Externalizing disorders, including behaviors such as tantrums, defiance, and aggression, are among the most common and costly disorders of childhood. Behavioral indicators of these disorders often emerge by the third year of life, but current methods of identifying them are often time-intensive and expensive. This pilot study uses wearable technology to sense daily activities such as child hyperactivity and tantrums, caregiver warmth and harshness, or child and caregiver play over time, which can help families and researchers understand more about moment-to-moment interactions and how they might affect child development and child and parental mental health. By recruiting participants from Federally-Qualified Health Centers and Federally-Subsidized Child Care centers, the team is intentionally including lower-income families who have been historically underrepresented in this type of research. The hope is that summaries of daily activity could provide innovative low-burden assessments, allowing interventions to reach more families at risk. Additionally, markers of daily activity can be incorporated into personalized “just-in-time” interventions, where tailored content is delivered when it is most useful. The lessons learned from this research will be incorporated in the broader Whole Communities–Whole Health cohort study with input from potential participants and community members.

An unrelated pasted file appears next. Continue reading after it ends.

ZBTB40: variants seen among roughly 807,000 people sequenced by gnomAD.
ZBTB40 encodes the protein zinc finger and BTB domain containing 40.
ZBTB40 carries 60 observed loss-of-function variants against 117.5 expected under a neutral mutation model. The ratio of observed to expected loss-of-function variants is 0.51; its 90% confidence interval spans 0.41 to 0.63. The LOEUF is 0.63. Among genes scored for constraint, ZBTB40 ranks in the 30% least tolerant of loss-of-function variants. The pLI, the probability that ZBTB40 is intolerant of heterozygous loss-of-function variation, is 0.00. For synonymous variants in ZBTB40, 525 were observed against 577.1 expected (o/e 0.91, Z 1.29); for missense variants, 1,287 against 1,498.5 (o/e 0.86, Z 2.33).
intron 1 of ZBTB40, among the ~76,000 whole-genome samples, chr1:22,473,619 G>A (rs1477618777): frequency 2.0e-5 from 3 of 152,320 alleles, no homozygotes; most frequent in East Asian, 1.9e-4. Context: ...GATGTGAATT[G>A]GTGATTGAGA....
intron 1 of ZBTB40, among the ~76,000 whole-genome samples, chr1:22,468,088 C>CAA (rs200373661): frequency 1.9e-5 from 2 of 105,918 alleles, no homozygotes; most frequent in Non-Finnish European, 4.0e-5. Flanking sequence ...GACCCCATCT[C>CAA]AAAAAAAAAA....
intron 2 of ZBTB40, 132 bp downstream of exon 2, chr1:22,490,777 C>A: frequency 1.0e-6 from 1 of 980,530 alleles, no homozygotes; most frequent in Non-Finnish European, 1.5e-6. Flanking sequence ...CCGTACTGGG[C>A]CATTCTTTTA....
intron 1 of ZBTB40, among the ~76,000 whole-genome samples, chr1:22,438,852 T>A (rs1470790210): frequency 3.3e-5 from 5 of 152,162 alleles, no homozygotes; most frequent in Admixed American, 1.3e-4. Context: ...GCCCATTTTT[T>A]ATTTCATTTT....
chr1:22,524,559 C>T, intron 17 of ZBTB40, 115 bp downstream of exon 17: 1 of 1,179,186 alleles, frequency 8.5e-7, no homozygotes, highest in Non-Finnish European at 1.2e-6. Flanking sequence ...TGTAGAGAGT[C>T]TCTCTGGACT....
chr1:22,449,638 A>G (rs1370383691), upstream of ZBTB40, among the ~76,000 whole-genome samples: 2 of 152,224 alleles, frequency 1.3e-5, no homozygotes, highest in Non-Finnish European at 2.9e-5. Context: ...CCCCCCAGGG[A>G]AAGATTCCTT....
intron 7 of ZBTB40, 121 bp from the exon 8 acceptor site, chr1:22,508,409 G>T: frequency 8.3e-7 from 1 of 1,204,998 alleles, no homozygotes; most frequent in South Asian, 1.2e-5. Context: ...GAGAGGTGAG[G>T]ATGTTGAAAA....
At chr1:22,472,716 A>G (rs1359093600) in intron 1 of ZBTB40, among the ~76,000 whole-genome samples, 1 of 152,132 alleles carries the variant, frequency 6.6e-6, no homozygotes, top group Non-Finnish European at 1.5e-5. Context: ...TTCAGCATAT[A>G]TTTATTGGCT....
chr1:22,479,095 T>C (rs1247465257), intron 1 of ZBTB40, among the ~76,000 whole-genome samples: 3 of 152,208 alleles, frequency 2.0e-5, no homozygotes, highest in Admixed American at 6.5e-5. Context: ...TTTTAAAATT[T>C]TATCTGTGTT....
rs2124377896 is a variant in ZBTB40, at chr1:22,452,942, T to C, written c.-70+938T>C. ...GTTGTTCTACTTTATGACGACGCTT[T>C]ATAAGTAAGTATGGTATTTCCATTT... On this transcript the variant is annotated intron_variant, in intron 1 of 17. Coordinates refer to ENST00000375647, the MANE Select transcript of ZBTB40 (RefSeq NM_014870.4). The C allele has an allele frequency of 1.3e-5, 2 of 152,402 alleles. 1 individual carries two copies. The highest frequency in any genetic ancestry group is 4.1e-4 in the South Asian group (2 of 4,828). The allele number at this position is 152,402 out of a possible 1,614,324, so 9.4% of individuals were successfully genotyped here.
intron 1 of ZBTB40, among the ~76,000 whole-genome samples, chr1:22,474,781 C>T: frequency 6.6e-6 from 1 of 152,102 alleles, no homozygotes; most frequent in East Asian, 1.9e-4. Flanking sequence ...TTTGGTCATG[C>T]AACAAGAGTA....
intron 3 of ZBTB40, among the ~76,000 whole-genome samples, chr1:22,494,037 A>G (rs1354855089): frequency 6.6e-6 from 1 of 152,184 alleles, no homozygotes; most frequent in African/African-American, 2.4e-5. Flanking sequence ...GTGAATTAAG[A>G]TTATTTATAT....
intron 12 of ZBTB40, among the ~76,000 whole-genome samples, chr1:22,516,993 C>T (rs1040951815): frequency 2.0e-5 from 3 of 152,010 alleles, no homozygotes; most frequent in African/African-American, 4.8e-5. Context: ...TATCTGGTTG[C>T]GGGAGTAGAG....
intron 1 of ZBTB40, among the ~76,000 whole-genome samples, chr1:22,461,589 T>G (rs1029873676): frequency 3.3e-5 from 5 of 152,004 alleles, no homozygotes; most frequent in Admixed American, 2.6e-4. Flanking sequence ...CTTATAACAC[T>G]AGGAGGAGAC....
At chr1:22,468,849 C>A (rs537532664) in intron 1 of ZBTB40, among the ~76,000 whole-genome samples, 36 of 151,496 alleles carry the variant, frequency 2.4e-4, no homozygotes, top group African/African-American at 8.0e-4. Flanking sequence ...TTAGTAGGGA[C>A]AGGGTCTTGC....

Kaya de Barbaro (Department of Psychology), Sarah Kate Bearman (College of Education), Edison Tomaz (Electrical and Computer Engineering), Hannah Williamson (College of Natural Sciences)